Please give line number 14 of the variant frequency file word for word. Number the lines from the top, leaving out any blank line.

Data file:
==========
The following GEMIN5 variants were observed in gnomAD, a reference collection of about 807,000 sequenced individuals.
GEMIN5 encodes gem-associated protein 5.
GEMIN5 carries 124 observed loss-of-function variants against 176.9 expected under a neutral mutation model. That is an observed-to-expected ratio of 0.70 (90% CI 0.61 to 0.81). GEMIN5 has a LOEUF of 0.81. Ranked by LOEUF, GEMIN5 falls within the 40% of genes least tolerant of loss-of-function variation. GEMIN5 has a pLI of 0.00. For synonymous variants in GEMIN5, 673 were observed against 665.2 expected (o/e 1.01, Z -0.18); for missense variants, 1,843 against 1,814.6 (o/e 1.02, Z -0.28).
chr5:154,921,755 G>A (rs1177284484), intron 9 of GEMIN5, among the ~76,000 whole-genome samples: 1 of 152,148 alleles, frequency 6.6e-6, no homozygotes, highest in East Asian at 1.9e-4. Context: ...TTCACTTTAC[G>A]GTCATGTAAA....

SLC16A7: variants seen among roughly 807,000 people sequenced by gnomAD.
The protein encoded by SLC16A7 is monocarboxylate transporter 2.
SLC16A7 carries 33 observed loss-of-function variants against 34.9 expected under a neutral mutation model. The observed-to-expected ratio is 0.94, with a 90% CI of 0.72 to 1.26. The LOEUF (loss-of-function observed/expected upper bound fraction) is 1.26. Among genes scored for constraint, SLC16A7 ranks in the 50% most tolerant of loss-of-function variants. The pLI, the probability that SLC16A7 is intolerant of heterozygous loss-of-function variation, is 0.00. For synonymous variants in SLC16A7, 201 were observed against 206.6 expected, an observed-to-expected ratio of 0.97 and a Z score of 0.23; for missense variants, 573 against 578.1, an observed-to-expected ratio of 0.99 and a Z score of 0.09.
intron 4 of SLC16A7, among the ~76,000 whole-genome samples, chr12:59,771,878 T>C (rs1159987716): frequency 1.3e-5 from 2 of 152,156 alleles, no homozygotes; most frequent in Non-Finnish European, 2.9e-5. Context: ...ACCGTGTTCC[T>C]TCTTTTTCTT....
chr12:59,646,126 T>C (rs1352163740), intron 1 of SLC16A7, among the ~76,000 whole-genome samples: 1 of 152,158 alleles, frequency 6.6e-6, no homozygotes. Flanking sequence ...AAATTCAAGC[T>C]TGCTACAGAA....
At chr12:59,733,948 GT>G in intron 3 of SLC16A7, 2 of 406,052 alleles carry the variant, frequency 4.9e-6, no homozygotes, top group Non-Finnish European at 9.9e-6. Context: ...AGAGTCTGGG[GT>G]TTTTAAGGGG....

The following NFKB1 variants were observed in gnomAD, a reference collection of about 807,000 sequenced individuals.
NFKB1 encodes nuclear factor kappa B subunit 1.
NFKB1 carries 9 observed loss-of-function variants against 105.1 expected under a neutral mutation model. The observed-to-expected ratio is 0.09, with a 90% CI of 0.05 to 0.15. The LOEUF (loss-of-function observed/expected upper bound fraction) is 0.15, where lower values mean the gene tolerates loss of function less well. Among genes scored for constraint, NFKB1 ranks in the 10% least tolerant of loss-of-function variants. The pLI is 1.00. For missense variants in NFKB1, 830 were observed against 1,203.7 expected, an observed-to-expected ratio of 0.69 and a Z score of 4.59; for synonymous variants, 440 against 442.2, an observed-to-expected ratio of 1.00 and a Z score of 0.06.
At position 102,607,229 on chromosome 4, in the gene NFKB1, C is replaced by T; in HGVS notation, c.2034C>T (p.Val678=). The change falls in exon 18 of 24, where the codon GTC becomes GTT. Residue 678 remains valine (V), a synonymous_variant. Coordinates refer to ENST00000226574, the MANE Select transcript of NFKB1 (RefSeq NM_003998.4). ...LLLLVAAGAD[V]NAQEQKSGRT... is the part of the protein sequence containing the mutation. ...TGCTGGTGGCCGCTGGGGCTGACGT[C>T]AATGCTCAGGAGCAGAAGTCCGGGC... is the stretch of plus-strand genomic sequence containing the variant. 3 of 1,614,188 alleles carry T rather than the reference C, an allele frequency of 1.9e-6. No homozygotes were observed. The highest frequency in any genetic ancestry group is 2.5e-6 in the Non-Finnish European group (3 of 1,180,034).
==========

At position 102,607,229 on chromosome 4, in the gene NFKB1, C is replaced by T; in HGVS notation, c.2034C>T (p.Val678=). The change falls in exon 18 of 24, where the codon GTC becomes GTT. Residue 678 remains valine (V), a synonymous_variant. Coordinates refer to ENST00000226574, the MANE Select transcript of NFKB1 (RefSeq NM_003998.4). ...LLLLVAAGAD[V]NAQEQKSGRT... is the part of the protein sequence containing the mutation. ...TGCTGGTGGCCGCTGGGGCTGACGT[C>T]AATGCTCAGGAGCAGAAGTCCGGGC... is the stretch of plus-strand genomic sequence containing the variant. 3 of 1,614,188 alleles carry T rather than the reference C, an allele frequency of 1.9e-6. No homozygotes were observed. The highest frequency in any genetic ancestry group is 2.5e-6 in the Non-Finnish European group (3 of 1,180,034).